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Home ownership getting tough for working class
Report: Low- and middle-income families see rate of home ownership falling even as overall ownership rates rise.

NEW YORK (CNNMoney.com) - The rate of home ownership for low- to moderate-income families with children is lower than in 1978, even as the overall rate of home ownership increases, according to a study from the Center for Housing Policy released Wednesday.

The study found that only 59.6 percent of working class families owned their homes in 2003, the most recent year for which figures were available, down from 62.5 percent in 1978.

Meanwhile, home ownership in the overall population has risen to 68.3 percent in 2003 from 65.2 percent in 1978. The study is based upon Census Bureau data.

According to the Center, that translates into 2.3 million children who would be living in owner-occupied housing if the rates had remained the same.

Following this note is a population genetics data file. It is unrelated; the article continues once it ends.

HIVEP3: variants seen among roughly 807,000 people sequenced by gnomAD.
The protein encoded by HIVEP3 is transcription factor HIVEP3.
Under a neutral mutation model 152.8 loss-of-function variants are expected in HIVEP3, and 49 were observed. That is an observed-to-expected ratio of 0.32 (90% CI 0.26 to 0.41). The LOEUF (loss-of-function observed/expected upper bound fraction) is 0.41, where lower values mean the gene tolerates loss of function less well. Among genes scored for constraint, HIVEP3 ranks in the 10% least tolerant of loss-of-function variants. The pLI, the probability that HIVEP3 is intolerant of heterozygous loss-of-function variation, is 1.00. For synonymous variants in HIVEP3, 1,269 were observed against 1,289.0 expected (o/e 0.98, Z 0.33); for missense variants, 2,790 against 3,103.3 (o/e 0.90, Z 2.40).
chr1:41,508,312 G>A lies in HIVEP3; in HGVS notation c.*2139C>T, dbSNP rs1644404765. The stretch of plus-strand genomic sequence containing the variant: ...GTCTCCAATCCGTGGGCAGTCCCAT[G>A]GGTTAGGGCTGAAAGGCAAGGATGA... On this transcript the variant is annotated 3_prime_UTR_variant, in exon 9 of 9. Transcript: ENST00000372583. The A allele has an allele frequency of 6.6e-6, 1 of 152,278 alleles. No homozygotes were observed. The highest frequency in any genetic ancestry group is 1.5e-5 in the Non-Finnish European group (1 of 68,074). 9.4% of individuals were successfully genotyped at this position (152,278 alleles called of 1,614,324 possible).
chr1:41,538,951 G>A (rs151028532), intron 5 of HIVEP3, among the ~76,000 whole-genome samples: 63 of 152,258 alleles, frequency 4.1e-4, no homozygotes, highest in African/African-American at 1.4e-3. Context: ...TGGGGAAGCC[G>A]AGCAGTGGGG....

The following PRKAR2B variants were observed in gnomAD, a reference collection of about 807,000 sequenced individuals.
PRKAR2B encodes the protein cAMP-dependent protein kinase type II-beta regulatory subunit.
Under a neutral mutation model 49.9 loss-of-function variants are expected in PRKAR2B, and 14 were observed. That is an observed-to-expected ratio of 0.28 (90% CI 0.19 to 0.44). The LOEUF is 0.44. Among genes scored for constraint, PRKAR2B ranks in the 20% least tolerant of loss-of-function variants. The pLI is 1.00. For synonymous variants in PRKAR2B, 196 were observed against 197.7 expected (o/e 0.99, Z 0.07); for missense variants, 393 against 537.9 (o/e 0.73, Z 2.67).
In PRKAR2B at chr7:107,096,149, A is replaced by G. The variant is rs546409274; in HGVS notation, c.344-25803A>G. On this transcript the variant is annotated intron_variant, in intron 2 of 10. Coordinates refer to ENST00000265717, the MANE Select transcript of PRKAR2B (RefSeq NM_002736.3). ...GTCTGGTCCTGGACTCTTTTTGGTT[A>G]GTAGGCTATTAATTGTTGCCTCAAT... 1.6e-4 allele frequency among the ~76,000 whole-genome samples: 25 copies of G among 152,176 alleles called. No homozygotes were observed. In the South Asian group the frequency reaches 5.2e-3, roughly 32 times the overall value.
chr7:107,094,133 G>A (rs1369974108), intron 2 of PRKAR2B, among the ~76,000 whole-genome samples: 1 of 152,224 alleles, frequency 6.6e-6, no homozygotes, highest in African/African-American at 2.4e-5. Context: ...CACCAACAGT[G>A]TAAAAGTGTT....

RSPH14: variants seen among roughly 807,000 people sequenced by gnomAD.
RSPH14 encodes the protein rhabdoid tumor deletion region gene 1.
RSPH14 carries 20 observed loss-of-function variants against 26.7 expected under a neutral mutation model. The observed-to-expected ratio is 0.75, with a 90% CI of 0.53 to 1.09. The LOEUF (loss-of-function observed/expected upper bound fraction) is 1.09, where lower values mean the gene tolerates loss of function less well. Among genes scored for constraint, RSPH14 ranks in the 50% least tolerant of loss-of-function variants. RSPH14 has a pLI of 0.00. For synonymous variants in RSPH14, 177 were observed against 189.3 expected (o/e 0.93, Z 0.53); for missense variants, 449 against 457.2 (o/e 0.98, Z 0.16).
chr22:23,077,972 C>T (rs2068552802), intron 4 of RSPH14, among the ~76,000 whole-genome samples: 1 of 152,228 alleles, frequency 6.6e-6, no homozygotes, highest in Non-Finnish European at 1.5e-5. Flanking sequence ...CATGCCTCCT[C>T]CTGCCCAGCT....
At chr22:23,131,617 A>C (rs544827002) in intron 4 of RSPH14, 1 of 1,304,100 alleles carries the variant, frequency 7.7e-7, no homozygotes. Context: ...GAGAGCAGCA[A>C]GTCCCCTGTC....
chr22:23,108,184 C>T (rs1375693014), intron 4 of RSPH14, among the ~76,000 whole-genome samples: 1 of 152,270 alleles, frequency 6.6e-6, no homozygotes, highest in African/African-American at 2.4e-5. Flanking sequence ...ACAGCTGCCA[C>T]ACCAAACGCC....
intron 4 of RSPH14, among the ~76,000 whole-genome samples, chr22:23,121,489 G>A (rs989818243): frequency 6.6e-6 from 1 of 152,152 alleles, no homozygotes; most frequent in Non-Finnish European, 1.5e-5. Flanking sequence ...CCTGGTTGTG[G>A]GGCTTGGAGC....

The study defines working class families are ones whose earnings range from $10,700, or the equivalent of working 40 hours a week at minimum wage, and up to 120 percent of the median income in their area.

The study cites a combination of factors for the divergent trends, including soaring housing costs that have overshot wage increases, higher health care bills and a rise in the number of single parents.

Barbara Lipman of the Center for Housing Policy, the research arm of the National Housing Conference, a housing affordability advocacy group, told the paper that the trend likely has persisted since 2003 in the face of sharp increases in real estate prices and more modest gains in earnings, particularly among low wage jobs.

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